Oil Drops Below $50

Oil dropped below $50 for the first time since December after concerns that OPEC’s output cuts aren’t tempering a surplus in the U.S. triggered the biggest slump in more than a year.

Futures dropped as much as 2.2 percent in New York to $49.20 after losing 5.7 percent the previous three sessions. Stockpiles rose 8.2 million to the highest level in weekly government data since 1982. Harold Hamm, the U.S. shale oil billionaire, warned on Wednesday that the industry could “kill” the crude market if it embarks on another spending binge.

Oil had fluctuated above $50 a barrel since the Organization of Petroleum Exporting Countries and other nations started trimming supply for six months starting Jan. 1 to reduce a global glut. While U.S. shale production has rebounded, larger-than-expected cuts elsewhere and signs of growing demand suggest stockpiles will decline, according to Goldman Sachs Group Inc.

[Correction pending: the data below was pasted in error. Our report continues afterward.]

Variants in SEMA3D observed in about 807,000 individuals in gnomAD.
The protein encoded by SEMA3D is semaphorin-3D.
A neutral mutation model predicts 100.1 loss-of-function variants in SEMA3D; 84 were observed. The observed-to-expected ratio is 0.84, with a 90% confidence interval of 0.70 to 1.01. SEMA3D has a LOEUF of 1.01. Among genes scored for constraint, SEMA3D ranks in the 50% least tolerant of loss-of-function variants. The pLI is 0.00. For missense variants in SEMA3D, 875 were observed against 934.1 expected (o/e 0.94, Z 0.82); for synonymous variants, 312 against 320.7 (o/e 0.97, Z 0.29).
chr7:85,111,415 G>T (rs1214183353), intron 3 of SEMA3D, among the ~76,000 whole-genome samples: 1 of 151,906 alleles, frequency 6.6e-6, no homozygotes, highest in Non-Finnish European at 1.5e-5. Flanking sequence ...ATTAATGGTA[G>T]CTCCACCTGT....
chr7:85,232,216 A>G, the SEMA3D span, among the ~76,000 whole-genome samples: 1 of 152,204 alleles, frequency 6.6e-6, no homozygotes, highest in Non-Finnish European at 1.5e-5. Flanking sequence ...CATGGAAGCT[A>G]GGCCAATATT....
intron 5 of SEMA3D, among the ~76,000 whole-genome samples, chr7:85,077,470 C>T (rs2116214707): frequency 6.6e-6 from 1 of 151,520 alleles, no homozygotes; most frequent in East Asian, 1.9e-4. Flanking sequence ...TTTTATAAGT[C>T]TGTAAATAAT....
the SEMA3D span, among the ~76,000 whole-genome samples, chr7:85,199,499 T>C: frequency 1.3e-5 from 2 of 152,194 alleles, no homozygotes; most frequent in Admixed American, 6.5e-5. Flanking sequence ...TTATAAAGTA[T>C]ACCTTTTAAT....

“The bottom line here is you have wide compliance within OPEC with the production cuts and on the other hand you have increased production out of the U.S.,” Hans Goetti, chief strategist for the Middle East and Asia at Banque Internationale a Luxembourg, said in a Bloomberg television interview. “The shale oil industry in the U.S. has made great strides to cut costs.”

West Texas Intermediate for April delivery dropped 74 cents, or 1.5 percent, to $49.54 a barrel on the New York Mercantile Exchange at 10:17 a.m. in London. Total volume traded was about 60 percent above the 100-day average. The contract lost $2.86, or 5.4 percent, to $50.28 on Wednesday, the biggest decline in percentage terms since February 2016.

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Dean Popplewell

Dean Popplewell

Vice-President of Market Analysis at MarketPulse
Dean Popplewell has nearly two decades of experience trading currencies and fixed income instruments. He has a deep understanding of market fundamentals and the impact of global events on capital markets. He is respected among professional traders for his skilled analysis and career history as global head of trading for firms such as Scotia Capital and BMO Nesbitt Burns. Since joining OANDA in 2006, Dean has played an instrumental role in driving awareness of the forex market as an emerging asset class for retail investors, as well as providing expert counsel to a number of internal teams on how to best serve clients and industry stakeholders.
Dean Popplewell